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TTPBA seeks legal advice
The T&T Publishers and Broadcasters Association (TTPBA) has raised concerns about Communications Minister Jamal Mohammed “dictating” broadcast schedules to media houses as well as concern about some of the programmes the Government wants aired. The association announced it would therefore be seeking a legal opinion on what is considered “public interest” broadcasting.
In a release yesterday, the TTPBA expressed concern about the content of some programmes such as MP’s Scorecard, and Minister Diaries, saying it felt these programmes could be a form of political advertising.
“It is not that we do not want to address issues that affect the lives of our citizens, our audiences,” it said, “but MP’s Scorecard does not in our opinion reflect public interest. Our concession states that we are to broadcast ‘material ...as a matter of public interest.’ It does not state we are required to broadcast government programming.”
The TTPBA referred to the Ministry of Transport’s campaign for road safety awareness, saying it agreed to assist in sensitising the public and increasing awareness because it believed this was in the public interest.
“TTPBA’s willingness to collaborate on issues that affect our industry is evident,” it said, “based on our participation and collaboration on issues such as the Draft Broadcast Code, Protecting the Rights of Children in the Media, and on Media Ownership. These indicate our belief that we should work together in the interest of our citizens. “We will forward the legal opinion to TATT (Telecommunications Authority of T&T) for discussion.”
Acknowledging that broadcasters had signed an agreement to air government programming, the TTPBA said the organisation would continue to air the types of programmes that Government Information Services Ltd (GISL) had submitted previously. These programmes include material such as documentaries on T&T history and travelogue-type material about places of interest in T&T.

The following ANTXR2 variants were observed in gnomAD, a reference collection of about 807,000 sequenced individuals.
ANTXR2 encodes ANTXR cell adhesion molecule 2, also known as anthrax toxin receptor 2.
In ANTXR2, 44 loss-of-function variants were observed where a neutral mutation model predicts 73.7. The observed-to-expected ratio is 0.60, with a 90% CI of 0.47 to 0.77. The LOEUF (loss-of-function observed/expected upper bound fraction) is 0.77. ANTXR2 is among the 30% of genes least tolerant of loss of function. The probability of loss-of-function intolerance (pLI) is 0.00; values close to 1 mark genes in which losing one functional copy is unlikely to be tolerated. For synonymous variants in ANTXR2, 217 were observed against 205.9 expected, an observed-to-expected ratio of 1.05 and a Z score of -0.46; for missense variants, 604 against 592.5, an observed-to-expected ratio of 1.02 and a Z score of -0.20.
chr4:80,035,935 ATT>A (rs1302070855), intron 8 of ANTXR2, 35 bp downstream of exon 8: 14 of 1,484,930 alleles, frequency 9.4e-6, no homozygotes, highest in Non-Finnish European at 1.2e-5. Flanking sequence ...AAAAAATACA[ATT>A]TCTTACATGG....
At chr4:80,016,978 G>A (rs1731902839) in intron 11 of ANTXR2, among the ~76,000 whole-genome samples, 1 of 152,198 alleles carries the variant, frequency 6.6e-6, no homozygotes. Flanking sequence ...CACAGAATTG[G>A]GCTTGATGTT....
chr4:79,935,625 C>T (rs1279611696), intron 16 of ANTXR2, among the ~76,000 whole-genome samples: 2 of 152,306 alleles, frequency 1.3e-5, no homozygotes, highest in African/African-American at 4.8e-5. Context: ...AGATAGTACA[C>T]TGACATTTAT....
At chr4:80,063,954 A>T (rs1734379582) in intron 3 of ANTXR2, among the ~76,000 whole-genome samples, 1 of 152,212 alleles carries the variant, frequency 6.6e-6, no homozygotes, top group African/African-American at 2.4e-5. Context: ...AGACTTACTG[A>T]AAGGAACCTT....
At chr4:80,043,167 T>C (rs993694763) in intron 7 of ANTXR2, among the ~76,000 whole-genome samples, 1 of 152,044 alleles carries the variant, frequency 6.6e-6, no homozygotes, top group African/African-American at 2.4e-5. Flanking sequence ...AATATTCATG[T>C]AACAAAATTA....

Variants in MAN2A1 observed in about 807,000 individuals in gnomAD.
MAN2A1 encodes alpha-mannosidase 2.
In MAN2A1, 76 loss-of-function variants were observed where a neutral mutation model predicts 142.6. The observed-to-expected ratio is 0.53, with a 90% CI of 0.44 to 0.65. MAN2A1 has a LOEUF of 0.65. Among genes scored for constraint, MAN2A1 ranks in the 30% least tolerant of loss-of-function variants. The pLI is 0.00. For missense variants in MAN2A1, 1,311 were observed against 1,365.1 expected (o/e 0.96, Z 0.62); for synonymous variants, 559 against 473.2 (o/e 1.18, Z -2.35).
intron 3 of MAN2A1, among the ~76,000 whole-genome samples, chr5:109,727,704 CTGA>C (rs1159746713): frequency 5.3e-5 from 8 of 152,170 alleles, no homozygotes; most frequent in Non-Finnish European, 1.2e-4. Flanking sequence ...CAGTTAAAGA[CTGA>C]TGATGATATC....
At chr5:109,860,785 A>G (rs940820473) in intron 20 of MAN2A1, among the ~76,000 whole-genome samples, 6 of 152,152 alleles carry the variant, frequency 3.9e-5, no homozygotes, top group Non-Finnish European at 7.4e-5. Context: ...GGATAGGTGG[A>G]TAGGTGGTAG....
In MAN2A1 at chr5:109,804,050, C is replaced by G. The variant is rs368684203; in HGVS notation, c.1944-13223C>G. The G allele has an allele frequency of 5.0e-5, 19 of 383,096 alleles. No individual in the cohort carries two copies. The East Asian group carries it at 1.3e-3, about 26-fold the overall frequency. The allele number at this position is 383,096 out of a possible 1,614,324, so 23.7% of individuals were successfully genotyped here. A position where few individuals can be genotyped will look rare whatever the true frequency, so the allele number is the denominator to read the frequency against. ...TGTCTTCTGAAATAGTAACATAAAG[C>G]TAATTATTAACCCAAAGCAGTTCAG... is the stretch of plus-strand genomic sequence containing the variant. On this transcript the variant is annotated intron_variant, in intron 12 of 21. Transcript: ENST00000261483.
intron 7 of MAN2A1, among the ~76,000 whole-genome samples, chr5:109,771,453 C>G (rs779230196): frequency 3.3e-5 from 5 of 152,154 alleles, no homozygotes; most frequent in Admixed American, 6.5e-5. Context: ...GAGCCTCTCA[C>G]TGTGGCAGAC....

“We also want to point out that GISL usually sends these a few days ahead of scheduled airtime so that our programmers have an opportunity to view and listen to the material,” said the release. Another concern for the association was what it described as the high-handed approached taken by Mohammed, whose ministry on January 16 published a list of stations and programme times in a daily newspaper without consultation.
The TTPBA complained, “The manner in which this was done would give any unsuspecting member of the public the impression that there has been agreement between us and the ministry on the programmes and the schedule, when in fact, we had written to the minister expressing our concern with the manner in which the times were dictated to broadcasters, and also indicated that the schedule would not work for us in the current form.
“The advertisement was also carried using members’ logos without anyone ever seeking permission from TTPBA members. This is another serious matter that is in contravention of our advertising standards.” TTPBA described what it called the lack of collaborative effort by the Ministry of Communications as “disappointing” and “undemocratic” and said it was fearful that this was the modus operandi of the Government, as it had been told that the Ministry of Communications acted as the spokesman for the Government.
Several calls to Mohammed’s phone went unanswered. He did not respond to voice messages.
In September last year, Mohammed announced that Government wanted to ensure there was one hour of airtime on television and radio networks to feature programming produced by the Communication Ministry. Subsequent to this, Mohammed met with the TTPBA, after which he sent letters to television broadcasters listing times for programmes to be aired.
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